Age-Appropriate Chores for Your Kids
Updated January 2020
It is easy to raise lazy, entitled, dependent children. All we have to do is…everything! Pick up their clothes, pick up their toys, pack their lunches pick their friends. Cook their dinner, clear their plates, clean their tubs, change their sheets and, most importantly, immediately rescue when we hear, “But I don’t know how!” and “I need your help!”
This month’s column is dedicated to parents of school-age children who find themselves saying, “It’s just easier to do it myself,” or who love that warm feeling of being the family hero: the only one who can make a peanut butter and jelly sandwich in that “special way.”
To someone who doesn’t have children, it might seem crazy that doing everything for kids is “easy.” But to those of us in the trenches of parenting, we know it is—at least in comparison to getting children to perform those tasks themselves on a regular basis. It’s easier, and it can be fulfilling in a weird sort of way, because, let’s face it, for most of us it feels great to be needed.
Unfortunately, when we consistently give in to the easier road or the warm feeling we get from being needed, it has dire consequences for our children.
“When parents do everything for their children, their children don’t learn to be responsible for themselves and their behavior,” said Trena Hickinbotham, certified child and parenting specialist. “They tend to have little respect for authority, are demanding and lack self-control.”
According to Hickinbotham, this kind of parenting even has a name, the “permissive-indulgent parent.” Though none of us like to think of ourselves as being “permissive” and “indulgent,” when we continuously do the things our kids could, and should, be doing, we are.
“Children who are 6 or 7 can dress themselves with clothes that are appropriate for the weather or the event, clear the table after meals, empty wastebaskets and clean out the inside of the car,” Hickinbotham said. “At 8 and 9 children can take their own bath, sweep or mop the floor, as well as load and run the dishwasher. By the time they are 10 and 11, they can help prepare dinner, mow the lawn and clean the kitchen.”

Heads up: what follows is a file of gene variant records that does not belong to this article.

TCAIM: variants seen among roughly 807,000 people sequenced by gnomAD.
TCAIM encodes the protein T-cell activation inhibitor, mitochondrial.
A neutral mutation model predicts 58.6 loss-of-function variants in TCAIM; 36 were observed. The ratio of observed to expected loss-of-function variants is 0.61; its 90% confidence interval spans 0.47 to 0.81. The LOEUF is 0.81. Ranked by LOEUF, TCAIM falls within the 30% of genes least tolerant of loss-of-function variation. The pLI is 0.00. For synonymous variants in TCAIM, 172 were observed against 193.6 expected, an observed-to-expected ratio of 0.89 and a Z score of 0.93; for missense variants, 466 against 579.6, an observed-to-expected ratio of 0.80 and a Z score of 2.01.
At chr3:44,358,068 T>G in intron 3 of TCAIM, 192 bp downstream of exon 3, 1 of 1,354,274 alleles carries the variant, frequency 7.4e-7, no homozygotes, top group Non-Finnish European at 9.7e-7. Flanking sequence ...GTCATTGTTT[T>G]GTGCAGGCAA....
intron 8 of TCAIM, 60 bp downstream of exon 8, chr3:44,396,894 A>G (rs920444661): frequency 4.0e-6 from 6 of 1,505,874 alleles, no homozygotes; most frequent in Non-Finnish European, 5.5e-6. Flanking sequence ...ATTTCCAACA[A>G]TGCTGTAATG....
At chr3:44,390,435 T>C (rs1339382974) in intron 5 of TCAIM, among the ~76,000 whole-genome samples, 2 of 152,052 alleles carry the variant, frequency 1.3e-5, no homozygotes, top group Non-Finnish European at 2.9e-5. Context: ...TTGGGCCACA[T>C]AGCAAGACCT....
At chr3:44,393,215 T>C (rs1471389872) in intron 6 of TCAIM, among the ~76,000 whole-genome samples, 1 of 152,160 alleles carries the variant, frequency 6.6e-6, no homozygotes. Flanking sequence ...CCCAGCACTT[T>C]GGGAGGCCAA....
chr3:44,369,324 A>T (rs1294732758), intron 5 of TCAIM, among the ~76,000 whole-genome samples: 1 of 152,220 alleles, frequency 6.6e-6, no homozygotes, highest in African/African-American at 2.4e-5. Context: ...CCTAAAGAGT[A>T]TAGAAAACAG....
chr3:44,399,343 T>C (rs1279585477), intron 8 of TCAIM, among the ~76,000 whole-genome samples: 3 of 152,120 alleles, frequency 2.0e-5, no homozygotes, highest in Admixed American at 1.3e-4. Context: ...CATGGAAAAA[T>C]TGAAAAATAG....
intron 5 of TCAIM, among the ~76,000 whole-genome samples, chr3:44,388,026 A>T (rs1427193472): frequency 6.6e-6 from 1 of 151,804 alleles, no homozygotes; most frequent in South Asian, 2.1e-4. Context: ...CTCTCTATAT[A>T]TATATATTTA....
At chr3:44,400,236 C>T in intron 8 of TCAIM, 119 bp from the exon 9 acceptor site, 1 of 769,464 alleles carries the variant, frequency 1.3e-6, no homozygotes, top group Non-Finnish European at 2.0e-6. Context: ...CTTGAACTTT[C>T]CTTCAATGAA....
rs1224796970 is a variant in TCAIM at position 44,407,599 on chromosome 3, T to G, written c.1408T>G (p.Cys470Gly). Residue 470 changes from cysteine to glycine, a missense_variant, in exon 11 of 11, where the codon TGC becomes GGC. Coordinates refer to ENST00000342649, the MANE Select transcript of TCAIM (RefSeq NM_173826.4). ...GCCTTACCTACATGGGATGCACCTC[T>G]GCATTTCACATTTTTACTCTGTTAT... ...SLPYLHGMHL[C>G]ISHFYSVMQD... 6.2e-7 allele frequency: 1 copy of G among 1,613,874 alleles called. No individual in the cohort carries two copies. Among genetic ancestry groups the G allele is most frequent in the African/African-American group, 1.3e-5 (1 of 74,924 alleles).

So yes, with just a little perseverance and persistence on your part, you get out of doing the dishes and mowing the lawn, PLUS you get the satisfaction of knowing you are raising decent human beings. Not a bad deal.
But how do we move from knowing it’s the right thing to do to actually getting the kids’ hands off the remote and onto the vacuum cleaner? Here are Hickinbotham’s suggestions:
- Begin early giving children responsibility. At 2 years of age, children typically start wanting to do things for themselves and desperately want to help with chores. Even though it is often more work for the parent than it is helpful, start allowing them to do simple tasks for themselves.
- When teaching a new task, use simple repetition. Demonstrate how the task is to be done, do it with the child a couple of times and then let the child do it alone.
- Resist the temptation to redo what the child has done because it undercuts the child’s feelings of competence and self-worth.
- Give children choices about which chores they prefer to do. Sometimes rotating chores can help the task to be more interesting for the child.
“Developing responsibility for household chores takes time,” Hickinbotham said. “Children often need to be reminded and supervised.”
Okay, it is easier to do it yourself than to get your kids to step up. But, as with all aspects of parenting, it’s well worth the effort. A study done by Marty Rossmann, emeritus associate professor of Family Education at the University of Minnesota, revealed that “the best predictor for young adults’ success is that they did household chores as kids.”
The study found that kids who did chores became young adults who were more self-reliant, responsible and competent. It also noted that the earlier parents required their kids to pitch in, the better adjusted the kids were later on.
So step away from that jar of peanut butter, stop changing your children’s bedsheets, put down the dishcloth and use the time to create a chore chart and plan a family meeting. Eventually your children will thank you for it!
Tips For Getting Kids To Cooperate With Chores
1. Announce expectations: Hold a family meeting and announce your new expectations. Expect groans and moans. So be it!
2. Specify Assignments: Find the best for your family and stick to it. Each week hold a brief meeting to review assignments.
3. Set deadlines: Set specific time limits for completion, such as “by bedtime” or “before Saturday.”
4. Make them matter: Give jobs that allow kids to feel they are contributing to the family. Teach tasks that will help them when they live on their own.
5. Use reminders: Chore charts are helpful.
6. Chunk tasks: Break down each task into smaller, more manageable parts. Be explicit about what you expect.
7. Watch your tone: Don’t nag!
8. Acknowledge efforts: Don’t forget to praise for jobs done well and on time.
9. Attach consequences: Set up suitable repercussions for uncompleted tasks such as:
- Logical consequences: if clothes aren’t put in the hamper, he forgoes clean clothes until next laundry day.
- Withhold allowance: never pay kids for work that isn’t completed.
- Pay the price: If she doesn’t rake the leaves, have someone else do it and take the payment out of her allowance.
From: The Big Book of Parenting Solutions by Michele Borba